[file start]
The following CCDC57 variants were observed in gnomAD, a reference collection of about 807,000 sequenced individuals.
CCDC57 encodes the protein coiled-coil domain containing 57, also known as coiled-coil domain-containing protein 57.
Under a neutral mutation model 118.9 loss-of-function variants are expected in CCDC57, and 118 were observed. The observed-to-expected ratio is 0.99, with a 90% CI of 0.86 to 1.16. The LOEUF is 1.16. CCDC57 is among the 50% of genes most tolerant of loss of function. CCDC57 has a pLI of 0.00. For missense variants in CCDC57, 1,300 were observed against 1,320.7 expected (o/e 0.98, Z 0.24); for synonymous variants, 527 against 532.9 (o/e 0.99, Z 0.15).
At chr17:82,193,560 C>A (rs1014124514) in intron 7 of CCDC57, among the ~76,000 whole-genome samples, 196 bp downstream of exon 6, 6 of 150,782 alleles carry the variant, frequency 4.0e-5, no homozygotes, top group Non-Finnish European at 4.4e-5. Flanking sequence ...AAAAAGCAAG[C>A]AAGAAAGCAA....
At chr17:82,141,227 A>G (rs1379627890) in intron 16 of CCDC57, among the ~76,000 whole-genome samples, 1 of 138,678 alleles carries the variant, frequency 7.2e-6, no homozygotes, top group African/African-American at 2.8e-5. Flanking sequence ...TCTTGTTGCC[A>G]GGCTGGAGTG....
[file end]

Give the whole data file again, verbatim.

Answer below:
The following CCDC57 variants were observed in gnomAD, a reference collection of about 807,000 sequenced individuals.
CCDC57 encodes the protein coiled-coil domain containing 57, also known as coiled-coil domain-containing protein 57.
Under a neutral mutation model 118.9 loss-of-function variants are expected in CCDC57, and 118 were observed. The observed-to-expected ratio is 0.99, with a 90% CI of 0.86 to 1.16. The LOEUF is 1.16. CCDC57 is among the 50% of genes most tolerant of loss of function. CCDC57 has a pLI of 0.00. For missense variants in CCDC57, 1,300 were observed against 1,320.7 expected (o/e 0.98, Z 0.24); for synonymous variants, 527 against 532.9 (o/e 0.99, Z 0.15).
At chr17:82,193,560 C>A (rs1014124514) in intron 7 of CCDC57, among the ~76,000 whole-genome samples, 196 bp downstream of exon 6, 6 of 150,782 alleles carry the variant, frequency 4.0e-5, no homozygotes, top group Non-Finnish European at 4.4e-5. Flanking sequence ...AAAAAGCAAG[C>A]AAGAAAGCAA....
At chr17:82,141,227 A>G (rs1379627890) in intron 16 of CCDC57, among the ~76,000 whole-genome samples, 1 of 138,678 alleles carries the variant, frequency 7.2e-6, no homozygotes, top group African/African-American at 2.8e-5. Flanking sequence ...TCTTGTTGCC[A>G]GGCTGGAGTG....